1967. The Beatles were working on Sergeant Pepper, the Rolling Stones were getting busted and going psychedelic, Pink Floyd were wowing them down at the UFO, Timothy Leary was advising the world's youth to "turn on, tune in, drop out," art was exploding with extravagant flashes of colour, light shows were swirling, flowers were for wearing, life was for living and to be young was a treasure and an opportunity. Magic was in the air. And in a studio in London, the five members of the Moody Blues gathered to fashion a portion of that magic into an album the like of which the world had never heard. The result was this still remarkable collaboration of rock band and orchestra, featuring a collection of strong songs and musical themes, outstanding among which is, of course, their hit single, 'Nights In White Satin.' The latter is widely recognised as one of the best singles in the history of recorded music. The whole album is one of the finest artefacts of a revolutionary musical era. In the current age of cynicism it's fashionable to dismiss the Moody Blues as limp, lame, hippy has-beens. Personally, I rate them as among the all-time great British rock bands and find their albums still fresh, enjoyable and relevant after all these years. This album stands up remarkably well, taking us through a day from sunrise to night with every note, phrase and lyric perfectly judged to create what is arguably the first themed rock album. The quality of the musicianship from the band members is amazing. This was a band who could genuinely play real instruments. Their voices combine beautifully too. A true classic, still capable of rekindling the magic of a golden era of optimism and wonder.
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10 of 11 people found the following review helpful By Mr. R. Baker on 10 Dec 2003
Format: Audio CD
Days of Future Passed is my favourite album from the 1960s. A mixture of solid, well written 60s psychedelic pop and lush orchestral arrangements give the album an epic, but not over the top feel.
The album is written and constructed as a concept album, marking a day, from sunrise to sunset. Some of the lyrics reflect this in their lyrics (Peak Hour, The Sun Set), whilst some of the references are far more abstract (Dawn is a Feeling, Nights in White Satin).
The songwriting is of a high standard throughout - there are no songs on the album I don't love - and the overall sound is excellent, with beautiful harmonies and excellent instrumentation.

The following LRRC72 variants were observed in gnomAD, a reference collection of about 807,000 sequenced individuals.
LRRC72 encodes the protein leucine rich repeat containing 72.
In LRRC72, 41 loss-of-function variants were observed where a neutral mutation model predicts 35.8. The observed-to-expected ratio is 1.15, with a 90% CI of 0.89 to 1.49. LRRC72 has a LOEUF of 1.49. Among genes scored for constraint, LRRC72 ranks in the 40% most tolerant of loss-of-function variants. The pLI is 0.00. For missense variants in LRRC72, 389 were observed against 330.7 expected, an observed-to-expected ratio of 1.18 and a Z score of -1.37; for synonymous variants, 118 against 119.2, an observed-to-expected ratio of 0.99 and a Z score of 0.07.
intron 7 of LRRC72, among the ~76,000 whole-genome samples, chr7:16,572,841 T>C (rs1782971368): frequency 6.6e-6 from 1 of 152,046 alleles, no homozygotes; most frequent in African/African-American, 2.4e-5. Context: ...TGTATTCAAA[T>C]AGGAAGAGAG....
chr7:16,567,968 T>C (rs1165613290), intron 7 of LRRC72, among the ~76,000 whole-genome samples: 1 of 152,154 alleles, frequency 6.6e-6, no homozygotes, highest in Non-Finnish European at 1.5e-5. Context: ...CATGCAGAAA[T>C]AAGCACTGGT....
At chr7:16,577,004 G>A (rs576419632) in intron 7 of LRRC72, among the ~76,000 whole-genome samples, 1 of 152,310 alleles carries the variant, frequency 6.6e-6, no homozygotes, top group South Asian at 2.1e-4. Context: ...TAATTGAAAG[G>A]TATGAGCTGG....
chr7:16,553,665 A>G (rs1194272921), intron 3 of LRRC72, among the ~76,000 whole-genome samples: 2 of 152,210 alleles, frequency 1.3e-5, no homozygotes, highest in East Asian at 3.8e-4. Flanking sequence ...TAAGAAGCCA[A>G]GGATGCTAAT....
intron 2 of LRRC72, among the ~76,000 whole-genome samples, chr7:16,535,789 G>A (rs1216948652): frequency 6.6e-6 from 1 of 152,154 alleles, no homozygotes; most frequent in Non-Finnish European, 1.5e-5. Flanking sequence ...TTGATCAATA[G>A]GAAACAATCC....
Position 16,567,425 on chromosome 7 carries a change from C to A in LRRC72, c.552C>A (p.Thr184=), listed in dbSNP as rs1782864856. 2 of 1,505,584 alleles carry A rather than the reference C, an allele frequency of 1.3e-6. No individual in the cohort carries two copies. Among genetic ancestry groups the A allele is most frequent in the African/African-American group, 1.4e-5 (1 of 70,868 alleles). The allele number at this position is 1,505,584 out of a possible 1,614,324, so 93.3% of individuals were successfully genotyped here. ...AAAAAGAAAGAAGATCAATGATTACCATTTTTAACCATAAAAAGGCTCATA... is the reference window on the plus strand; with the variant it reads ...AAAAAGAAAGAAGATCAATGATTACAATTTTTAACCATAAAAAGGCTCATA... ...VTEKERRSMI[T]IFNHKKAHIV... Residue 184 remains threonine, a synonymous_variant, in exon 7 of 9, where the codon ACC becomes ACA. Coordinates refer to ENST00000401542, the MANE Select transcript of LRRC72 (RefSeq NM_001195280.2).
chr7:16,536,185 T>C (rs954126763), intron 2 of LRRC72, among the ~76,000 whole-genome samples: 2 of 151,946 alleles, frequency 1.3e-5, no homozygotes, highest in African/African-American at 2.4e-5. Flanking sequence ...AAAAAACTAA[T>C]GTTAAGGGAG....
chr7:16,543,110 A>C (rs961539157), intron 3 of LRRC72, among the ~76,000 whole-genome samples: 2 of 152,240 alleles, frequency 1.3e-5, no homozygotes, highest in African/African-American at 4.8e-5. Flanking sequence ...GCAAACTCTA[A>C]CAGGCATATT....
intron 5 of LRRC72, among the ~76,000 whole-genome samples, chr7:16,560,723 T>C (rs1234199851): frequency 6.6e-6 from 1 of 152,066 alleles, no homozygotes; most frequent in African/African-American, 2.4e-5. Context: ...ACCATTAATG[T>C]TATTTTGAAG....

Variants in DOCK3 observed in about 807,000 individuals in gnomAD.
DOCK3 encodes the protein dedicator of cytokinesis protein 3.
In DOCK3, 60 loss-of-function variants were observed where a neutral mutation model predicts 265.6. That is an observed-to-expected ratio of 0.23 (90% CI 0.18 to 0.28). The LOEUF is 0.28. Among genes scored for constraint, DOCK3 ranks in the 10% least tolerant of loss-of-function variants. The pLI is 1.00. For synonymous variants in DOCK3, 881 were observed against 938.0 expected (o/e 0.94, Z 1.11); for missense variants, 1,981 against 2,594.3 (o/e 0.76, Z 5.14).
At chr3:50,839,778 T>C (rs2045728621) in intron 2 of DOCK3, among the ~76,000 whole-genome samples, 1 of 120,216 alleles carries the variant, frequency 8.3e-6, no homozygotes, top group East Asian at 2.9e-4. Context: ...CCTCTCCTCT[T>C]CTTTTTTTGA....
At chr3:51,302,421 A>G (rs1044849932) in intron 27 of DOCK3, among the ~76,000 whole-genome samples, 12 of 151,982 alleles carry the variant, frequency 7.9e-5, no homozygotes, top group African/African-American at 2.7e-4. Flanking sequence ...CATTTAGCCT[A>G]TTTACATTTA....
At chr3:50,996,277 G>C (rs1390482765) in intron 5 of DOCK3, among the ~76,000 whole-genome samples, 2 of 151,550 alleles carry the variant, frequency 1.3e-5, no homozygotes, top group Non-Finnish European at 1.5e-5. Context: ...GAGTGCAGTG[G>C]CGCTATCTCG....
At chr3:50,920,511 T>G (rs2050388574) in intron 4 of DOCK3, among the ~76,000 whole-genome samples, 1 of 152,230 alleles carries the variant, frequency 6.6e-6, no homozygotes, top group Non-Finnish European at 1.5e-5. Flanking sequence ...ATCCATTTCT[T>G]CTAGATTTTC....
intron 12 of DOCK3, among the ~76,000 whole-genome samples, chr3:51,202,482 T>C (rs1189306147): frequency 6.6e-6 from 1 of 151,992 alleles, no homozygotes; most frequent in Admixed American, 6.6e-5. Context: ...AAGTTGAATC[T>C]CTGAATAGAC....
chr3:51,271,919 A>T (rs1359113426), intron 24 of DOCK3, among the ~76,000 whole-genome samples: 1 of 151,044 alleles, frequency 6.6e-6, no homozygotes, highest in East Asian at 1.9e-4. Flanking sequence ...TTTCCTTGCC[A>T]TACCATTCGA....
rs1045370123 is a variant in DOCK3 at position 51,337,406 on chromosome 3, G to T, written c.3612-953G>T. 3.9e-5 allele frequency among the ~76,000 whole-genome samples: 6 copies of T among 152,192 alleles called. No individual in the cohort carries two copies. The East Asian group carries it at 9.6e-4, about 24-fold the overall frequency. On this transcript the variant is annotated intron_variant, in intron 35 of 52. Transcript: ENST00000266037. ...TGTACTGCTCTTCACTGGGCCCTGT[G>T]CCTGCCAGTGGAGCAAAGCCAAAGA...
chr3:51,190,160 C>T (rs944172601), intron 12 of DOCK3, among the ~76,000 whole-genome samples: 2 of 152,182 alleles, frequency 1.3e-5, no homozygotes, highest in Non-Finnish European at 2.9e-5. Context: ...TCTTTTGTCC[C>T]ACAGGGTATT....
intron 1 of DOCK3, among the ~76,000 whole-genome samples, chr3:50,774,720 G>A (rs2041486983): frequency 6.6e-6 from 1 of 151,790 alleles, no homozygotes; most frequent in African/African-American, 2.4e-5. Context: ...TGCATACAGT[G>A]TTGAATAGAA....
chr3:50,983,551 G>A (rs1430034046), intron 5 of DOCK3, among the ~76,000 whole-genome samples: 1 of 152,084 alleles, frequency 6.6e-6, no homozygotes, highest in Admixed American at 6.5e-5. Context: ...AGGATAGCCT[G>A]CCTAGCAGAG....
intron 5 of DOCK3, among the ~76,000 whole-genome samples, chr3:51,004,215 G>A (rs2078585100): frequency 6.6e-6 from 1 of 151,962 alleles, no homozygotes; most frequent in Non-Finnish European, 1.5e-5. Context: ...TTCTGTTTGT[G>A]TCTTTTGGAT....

Standout songs include 'Peak Hour', in a 60s R&B style, the fast paced 'Twlight Time' and, of course, 'Nights in White Satin'.
The album's downpoint, as many will tell you, is the poetry in 'The Day Begins' and in the orchestral outro, which is just irritating more than anything. Otherwise, I think this album is perfect, and could not recommend it enough.
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4 of 4 people found the following review helpful By HAYLING BOOK & MUSIC VENUE (HBMV) TOP 500 REVIEWER on 15 July 2011
Format: Audio CD Verified Purchase
I am at a loss to understand why one reviewer gave this a one star rating, but we all have an opinion...and here is mine for what it is worth!

I heard this album in its entirety for the first time recently. It was intriguing, because I had heard the individual single releases and some album tracks on compilations and live albums. It was a joy to now hear them in their proper surroundings, cradled in an orchestral setting as part of a larger piece of work.

The album as a whole is of the highest quality for its time (1967) and the orchestrations and compositions (even the 'links') are inspiring and highly enjoyable.

It is fair to say that the CD release could have done without all the bonus paraphenalia which whilst welcome from a value perspective, is difficult to listen to as a 'tack-on' to such a complete, wonderful and well rounded production.

Outstanding.